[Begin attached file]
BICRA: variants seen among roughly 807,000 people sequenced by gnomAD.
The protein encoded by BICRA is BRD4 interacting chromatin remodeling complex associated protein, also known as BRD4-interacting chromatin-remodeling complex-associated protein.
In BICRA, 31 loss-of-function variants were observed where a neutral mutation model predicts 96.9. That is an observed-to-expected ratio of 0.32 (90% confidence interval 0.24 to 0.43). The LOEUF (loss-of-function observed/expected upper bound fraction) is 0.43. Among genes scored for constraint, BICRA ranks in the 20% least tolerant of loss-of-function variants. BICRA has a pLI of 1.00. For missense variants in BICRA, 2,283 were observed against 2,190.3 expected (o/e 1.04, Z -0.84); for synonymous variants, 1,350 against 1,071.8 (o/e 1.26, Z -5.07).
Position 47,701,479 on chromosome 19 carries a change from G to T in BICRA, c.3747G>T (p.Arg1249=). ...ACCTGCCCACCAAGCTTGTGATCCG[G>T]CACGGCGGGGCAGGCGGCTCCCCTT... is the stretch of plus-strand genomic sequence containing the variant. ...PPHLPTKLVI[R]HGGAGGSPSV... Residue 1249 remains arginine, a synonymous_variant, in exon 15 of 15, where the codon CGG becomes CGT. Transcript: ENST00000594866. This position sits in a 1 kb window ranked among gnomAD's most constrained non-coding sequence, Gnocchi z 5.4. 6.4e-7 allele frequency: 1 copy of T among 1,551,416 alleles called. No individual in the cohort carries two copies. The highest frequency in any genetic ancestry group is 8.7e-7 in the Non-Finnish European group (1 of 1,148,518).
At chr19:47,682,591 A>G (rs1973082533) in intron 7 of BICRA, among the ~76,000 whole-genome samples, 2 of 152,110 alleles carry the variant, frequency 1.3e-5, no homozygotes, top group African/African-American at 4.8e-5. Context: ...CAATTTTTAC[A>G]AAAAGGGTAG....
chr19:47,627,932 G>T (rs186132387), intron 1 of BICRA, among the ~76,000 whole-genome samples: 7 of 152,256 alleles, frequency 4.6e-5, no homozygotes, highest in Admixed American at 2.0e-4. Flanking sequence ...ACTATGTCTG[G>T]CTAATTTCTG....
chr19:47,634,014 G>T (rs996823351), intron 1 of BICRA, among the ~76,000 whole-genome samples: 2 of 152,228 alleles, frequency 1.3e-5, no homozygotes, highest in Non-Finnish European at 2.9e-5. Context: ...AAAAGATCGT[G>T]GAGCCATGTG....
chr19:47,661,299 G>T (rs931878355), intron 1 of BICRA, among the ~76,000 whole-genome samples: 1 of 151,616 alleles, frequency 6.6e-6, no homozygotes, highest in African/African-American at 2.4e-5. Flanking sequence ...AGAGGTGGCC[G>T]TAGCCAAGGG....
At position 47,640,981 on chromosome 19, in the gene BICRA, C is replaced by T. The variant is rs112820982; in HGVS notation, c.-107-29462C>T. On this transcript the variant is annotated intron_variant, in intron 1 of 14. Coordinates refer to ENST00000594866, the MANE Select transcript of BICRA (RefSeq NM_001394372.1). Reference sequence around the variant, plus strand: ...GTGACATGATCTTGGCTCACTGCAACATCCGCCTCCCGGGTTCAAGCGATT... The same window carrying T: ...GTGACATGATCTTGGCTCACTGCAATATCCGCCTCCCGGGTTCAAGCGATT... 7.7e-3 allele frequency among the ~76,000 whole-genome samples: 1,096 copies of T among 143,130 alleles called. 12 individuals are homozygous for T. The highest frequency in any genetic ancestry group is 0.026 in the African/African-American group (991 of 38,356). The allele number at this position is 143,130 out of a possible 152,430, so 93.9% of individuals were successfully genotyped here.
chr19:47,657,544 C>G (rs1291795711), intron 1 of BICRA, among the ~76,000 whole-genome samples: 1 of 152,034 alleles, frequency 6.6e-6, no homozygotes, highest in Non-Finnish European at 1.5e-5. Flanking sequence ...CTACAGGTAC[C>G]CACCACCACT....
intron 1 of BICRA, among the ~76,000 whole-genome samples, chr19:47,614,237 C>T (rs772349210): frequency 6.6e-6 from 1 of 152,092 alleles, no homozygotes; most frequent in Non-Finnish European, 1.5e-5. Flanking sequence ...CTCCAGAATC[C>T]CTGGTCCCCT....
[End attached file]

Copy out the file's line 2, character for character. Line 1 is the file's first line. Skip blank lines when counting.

The protein encoded by BICRA is BRD4 interacting chromatin remodeling complex associated protein, also known as BRD4-interacting chromatin-remodeling complex-associated protein.